DENVER -- Last year, Democrats got beat up for rejecting a Republican-sponsored proposal known as "Jessica's Law" that would have mandated a 25-year minimum jail sentence for child sex offenders.
This year, Democrats drew up their own "Jessica's Law" proposal, hoping to blunt the political attacks that come from rejecting a seemingly "tough on crime" measure by moving forward with a version of the bill that offers prosecutors and judges more flexibility when it comes to sentencing.
"I wanted to bring Jessica's Law to Colorado in a way that made sense for Colorado," said Rep. Mike Foote, D-Lafayette, a former prosecutor who is the sponsor of House Bill 1264.
"We’re not going to cut and paste any provision of any other state’s criminal law without making allowances for our structure and the way things work in Colorado."
The legislation, which drew unanimous support from the House State, Veterans and Military Affairs Committee Monday afternoon, will increase sentences for sex offenders who abuse children in line with the severity of the felony offense.
Democrats believe it's better than a broad 25-year mandatory minimum, as was proposed last year by legislation sponsored by Rep. Libby Szabo, R-Arvada, who bashed Democrats on Fox News Channel with Bill O'Reilly after they voted down the measure.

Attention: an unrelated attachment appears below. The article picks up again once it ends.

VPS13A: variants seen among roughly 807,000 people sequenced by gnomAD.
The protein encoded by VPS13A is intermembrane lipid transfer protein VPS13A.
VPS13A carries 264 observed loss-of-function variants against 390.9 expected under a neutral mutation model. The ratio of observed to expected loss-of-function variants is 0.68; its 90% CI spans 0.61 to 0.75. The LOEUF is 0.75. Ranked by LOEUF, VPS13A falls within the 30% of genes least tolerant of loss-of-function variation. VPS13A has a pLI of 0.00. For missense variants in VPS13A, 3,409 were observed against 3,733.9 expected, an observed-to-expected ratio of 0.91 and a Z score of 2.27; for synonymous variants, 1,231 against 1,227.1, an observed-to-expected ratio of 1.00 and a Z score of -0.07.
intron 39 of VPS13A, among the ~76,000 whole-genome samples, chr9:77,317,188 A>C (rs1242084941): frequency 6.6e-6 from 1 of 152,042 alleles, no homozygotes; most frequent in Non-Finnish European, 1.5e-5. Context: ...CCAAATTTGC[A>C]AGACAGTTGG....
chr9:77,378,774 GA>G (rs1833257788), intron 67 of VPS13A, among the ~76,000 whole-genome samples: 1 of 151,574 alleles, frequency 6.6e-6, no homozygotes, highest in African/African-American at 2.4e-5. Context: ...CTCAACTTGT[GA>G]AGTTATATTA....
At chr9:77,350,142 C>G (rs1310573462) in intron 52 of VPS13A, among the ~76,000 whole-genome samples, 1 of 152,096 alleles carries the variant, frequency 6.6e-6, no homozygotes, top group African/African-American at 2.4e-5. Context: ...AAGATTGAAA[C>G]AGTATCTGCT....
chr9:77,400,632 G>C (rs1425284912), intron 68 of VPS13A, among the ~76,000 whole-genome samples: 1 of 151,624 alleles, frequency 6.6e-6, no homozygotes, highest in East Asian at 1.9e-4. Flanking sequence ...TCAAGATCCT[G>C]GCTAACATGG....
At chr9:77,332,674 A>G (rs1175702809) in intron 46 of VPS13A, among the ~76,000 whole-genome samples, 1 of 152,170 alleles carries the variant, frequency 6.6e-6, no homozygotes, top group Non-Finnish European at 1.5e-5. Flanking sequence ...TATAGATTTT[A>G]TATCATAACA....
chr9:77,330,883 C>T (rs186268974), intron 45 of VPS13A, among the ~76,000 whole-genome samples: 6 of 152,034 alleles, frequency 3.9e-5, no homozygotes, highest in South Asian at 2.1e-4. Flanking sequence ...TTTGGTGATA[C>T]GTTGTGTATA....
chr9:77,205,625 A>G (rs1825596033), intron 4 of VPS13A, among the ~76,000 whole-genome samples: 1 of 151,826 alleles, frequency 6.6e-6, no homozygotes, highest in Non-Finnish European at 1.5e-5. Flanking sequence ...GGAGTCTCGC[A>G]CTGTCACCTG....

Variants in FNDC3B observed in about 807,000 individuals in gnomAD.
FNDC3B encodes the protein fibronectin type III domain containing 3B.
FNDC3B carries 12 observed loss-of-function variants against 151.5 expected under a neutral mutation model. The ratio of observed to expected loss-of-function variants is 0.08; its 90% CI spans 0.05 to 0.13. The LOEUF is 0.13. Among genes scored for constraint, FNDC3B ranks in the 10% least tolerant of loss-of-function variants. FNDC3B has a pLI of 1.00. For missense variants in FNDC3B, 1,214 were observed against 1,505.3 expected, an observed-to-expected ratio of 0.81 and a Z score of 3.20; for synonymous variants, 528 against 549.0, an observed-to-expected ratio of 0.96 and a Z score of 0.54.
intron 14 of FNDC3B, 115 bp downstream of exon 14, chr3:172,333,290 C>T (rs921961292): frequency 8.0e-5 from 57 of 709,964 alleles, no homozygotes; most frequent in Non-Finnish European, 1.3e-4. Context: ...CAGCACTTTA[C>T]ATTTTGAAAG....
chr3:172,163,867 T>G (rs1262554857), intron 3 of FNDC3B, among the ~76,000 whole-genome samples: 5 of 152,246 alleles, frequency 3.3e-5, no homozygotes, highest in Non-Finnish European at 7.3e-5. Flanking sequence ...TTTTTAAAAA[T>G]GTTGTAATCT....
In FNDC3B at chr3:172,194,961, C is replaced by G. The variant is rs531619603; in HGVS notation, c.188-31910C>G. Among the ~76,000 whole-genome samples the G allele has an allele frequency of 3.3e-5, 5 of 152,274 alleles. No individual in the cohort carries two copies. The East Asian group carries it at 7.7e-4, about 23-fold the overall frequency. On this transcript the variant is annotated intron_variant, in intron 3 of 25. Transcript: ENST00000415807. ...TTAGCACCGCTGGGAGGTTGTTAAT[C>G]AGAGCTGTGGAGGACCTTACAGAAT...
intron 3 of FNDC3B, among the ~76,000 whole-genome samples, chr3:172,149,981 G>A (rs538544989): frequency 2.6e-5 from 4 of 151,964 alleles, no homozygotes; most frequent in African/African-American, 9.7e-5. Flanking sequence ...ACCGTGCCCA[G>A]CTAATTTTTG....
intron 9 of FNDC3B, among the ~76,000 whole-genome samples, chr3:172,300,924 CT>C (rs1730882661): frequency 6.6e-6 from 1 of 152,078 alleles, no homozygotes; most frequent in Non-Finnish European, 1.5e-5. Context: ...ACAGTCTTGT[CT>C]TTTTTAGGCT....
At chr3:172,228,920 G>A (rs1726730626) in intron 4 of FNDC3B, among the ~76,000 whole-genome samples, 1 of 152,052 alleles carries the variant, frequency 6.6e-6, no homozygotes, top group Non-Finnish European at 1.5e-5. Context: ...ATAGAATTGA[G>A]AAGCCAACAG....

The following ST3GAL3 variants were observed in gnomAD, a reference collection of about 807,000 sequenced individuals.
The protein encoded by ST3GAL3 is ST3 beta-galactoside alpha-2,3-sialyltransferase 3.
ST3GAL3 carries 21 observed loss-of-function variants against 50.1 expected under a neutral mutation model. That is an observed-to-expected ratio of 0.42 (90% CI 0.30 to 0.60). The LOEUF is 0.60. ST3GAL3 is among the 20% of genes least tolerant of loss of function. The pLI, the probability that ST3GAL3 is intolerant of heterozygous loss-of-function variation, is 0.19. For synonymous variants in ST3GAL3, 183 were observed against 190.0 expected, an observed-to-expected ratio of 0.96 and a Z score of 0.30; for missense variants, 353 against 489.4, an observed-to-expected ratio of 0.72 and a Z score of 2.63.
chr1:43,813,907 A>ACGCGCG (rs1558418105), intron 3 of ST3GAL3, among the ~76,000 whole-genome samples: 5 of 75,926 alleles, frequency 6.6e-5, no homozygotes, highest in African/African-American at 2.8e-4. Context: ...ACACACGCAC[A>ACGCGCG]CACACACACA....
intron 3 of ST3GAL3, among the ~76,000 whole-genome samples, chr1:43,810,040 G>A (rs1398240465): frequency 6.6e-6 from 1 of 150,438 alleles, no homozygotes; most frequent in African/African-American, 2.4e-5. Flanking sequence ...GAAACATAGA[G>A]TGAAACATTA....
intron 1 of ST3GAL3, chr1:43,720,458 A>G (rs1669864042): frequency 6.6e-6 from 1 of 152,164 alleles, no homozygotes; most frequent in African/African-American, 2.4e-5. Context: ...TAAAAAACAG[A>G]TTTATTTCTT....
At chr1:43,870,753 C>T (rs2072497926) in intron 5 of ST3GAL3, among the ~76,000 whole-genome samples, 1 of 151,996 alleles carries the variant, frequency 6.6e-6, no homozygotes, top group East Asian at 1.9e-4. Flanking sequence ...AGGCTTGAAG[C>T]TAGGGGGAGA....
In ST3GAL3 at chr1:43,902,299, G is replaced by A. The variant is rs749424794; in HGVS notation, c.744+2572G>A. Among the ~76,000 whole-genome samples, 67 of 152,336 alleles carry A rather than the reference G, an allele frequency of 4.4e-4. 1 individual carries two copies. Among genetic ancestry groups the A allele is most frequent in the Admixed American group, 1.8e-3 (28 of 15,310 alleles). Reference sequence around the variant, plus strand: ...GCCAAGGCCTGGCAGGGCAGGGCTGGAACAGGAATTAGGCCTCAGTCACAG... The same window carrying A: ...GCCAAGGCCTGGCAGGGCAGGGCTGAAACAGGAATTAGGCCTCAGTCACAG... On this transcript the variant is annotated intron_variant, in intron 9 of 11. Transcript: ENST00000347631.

"If you create a situation when a judge has to always impose mandatory sentences for too broad a category, you're going to create injustices," said Boulder County District Attorney Stan Garnett, a Democrat who testified in support of Foote's bill Monday.
Democrats scheduled the hearing so that Foote's bill was heard right before of House Bill 1260, the same proposal that Szabo sponsored last year, brought back again.
"If someone commits lewd molestation on a child, they will go to jail for 25 years," Szabo said Monday. "We need to do everything we can to protect our children from these people who are setting out to hurt them."
Arapahoe County District Attorney George Brauchler, a Republican, was at the Capitol to support Szabo's bill.
"Consider this as a tool for prosecutors in these cases," Brauchler said. "This proposal is really a mallet to use against the worst of the worst offenders. And there are certain people who deserve the mallet, not the scalpel; I'd like to have that tool in my toolbox."
He supports Foote's proposal, but with less enthusiasm.
"It's more of a ballpein hammer," he said. "Not a mallet."
The committee, as expected, rejected Szabo's bill on a party-line vote.
Following the hearing, Republicans weren't appeased by Foote's bill, criticizing Democrats for not passing a stronger version of "Jessica's Law".
"Democrats once again failed to fully understand the threat sexual predators pose to Colorado’s children and defeated legislation that would have created some of the toughest laws against in the nation," said Szabo. "Jessica’s law is about threat mitigation. Statistics show a person capable of molesting a child remains a dangerous threat to every child and needs to be kept out of society for a very long time."